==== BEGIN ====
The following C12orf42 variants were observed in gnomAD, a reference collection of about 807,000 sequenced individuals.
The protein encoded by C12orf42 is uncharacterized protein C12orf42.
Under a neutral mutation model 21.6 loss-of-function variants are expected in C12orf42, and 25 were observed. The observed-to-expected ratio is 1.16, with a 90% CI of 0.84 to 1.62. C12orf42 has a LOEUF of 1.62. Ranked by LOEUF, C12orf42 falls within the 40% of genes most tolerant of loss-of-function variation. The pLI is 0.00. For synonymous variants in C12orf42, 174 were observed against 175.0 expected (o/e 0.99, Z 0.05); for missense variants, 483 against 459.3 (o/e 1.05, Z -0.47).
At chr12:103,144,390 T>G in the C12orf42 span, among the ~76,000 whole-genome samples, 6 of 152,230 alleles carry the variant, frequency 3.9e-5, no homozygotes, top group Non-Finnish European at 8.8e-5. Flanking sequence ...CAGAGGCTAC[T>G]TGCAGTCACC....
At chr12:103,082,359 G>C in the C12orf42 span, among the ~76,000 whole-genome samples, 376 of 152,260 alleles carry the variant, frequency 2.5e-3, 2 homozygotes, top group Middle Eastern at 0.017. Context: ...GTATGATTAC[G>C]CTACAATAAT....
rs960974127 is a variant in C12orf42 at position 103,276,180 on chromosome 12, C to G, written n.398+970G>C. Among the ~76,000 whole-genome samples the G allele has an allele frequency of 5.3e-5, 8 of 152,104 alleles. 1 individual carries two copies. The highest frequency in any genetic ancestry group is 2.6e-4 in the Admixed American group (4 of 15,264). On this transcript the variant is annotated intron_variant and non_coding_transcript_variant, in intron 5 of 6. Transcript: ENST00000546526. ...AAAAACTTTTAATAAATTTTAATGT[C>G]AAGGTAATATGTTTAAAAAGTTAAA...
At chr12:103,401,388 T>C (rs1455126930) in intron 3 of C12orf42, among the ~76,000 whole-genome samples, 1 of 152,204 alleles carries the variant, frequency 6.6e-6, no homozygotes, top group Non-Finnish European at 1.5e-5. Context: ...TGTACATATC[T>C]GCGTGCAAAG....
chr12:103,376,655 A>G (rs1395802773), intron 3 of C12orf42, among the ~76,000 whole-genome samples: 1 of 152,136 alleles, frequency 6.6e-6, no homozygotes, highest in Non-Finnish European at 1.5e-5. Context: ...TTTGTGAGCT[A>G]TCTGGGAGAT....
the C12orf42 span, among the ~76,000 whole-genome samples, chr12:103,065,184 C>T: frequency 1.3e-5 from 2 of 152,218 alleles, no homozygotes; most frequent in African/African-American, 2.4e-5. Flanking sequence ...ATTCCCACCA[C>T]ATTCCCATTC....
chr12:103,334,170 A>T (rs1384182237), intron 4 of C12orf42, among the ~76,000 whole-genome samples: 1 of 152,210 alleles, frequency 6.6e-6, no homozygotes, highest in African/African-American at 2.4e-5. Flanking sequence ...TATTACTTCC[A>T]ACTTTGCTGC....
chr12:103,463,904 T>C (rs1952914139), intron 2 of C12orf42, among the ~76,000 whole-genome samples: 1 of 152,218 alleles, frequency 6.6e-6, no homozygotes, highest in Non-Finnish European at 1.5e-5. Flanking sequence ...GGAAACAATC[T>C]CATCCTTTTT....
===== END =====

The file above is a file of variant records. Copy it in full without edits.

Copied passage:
The following C12orf42 variants were observed in gnomAD, a reference collection of about 807,000 sequenced individuals.
The protein encoded by C12orf42 is uncharacterized protein C12orf42.
Under a neutral mutation model 21.6 loss-of-function variants are expected in C12orf42, and 25 were observed. The observed-to-expected ratio is 1.16, with a 90% CI of 0.84 to 1.62. C12orf42 has a LOEUF of 1.62. Ranked by LOEUF, C12orf42 falls within the 40% of genes most tolerant of loss-of-function variation. The pLI is 0.00. For synonymous variants in C12orf42, 174 were observed against 175.0 expected (o/e 0.99, Z 0.05); for missense variants, 483 against 459.3 (o/e 1.05, Z -0.47).
At chr12:103,144,390 T>G in the C12orf42 span, among the ~76,000 whole-genome samples, 6 of 152,230 alleles carry the variant, frequency 3.9e-5, no homozygotes, top group Non-Finnish European at 8.8e-5. Flanking sequence ...CAGAGGCTAC[T>G]TGCAGTCACC....
At chr12:103,082,359 G>C in the C12orf42 span, among the ~76,000 whole-genome samples, 376 of 152,260 alleles carry the variant, frequency 2.5e-3, 2 homozygotes, top group Middle Eastern at 0.017. Context: ...GTATGATTAC[G>C]CTACAATAAT....
rs960974127 is a variant in C12orf42 at position 103,276,180 on chromosome 12, C to G, written n.398+970G>C. Among the ~76,000 whole-genome samples the G allele has an allele frequency of 5.3e-5, 8 of 152,104 alleles. 1 individual carries two copies. The highest frequency in any genetic ancestry group is 2.6e-4 in the Admixed American group (4 of 15,264). On this transcript the variant is annotated intron_variant and non_coding_transcript_variant, in intron 5 of 6. Transcript: ENST00000546526. ...AAAAACTTTTAATAAATTTTAATGT[C>G]AAGGTAATATGTTTAAAAAGTTAAA...
At chr12:103,401,388 T>C (rs1455126930) in intron 3 of C12orf42, among the ~76,000 whole-genome samples, 1 of 152,204 alleles carries the variant, frequency 6.6e-6, no homozygotes, top group Non-Finnish European at 1.5e-5. Context: ...TGTACATATC[T>C]GCGTGCAAAG....
chr12:103,376,655 A>G (rs1395802773), intron 3 of C12orf42, among the ~76,000 whole-genome samples: 1 of 152,136 alleles, frequency 6.6e-6, no homozygotes, highest in Non-Finnish European at 1.5e-5. Context: ...TTTGTGAGCT[A>G]TCTGGGAGAT....
the C12orf42 span, among the ~76,000 whole-genome samples, chr12:103,065,184 C>T: frequency 1.3e-5 from 2 of 152,218 alleles, no homozygotes; most frequent in African/African-American, 2.4e-5. Flanking sequence ...ATTCCCACCA[C>T]ATTCCCATTC....
chr12:103,334,170 A>T (rs1384182237), intron 4 of C12orf42, among the ~76,000 whole-genome samples: 1 of 152,210 alleles, frequency 6.6e-6, no homozygotes, highest in African/African-American at 2.4e-5. Flanking sequence ...TATTACTTCC[A>T]ACTTTGCTGC....
chr12:103,463,904 T>C (rs1952914139), intron 2 of C12orf42, among the ~76,000 whole-genome samples: 1 of 152,218 alleles, frequency 6.6e-6, no homozygotes, highest in Non-Finnish European at 1.5e-5. Flanking sequence ...GGAAACAATC[T>C]CATCCTTTTT....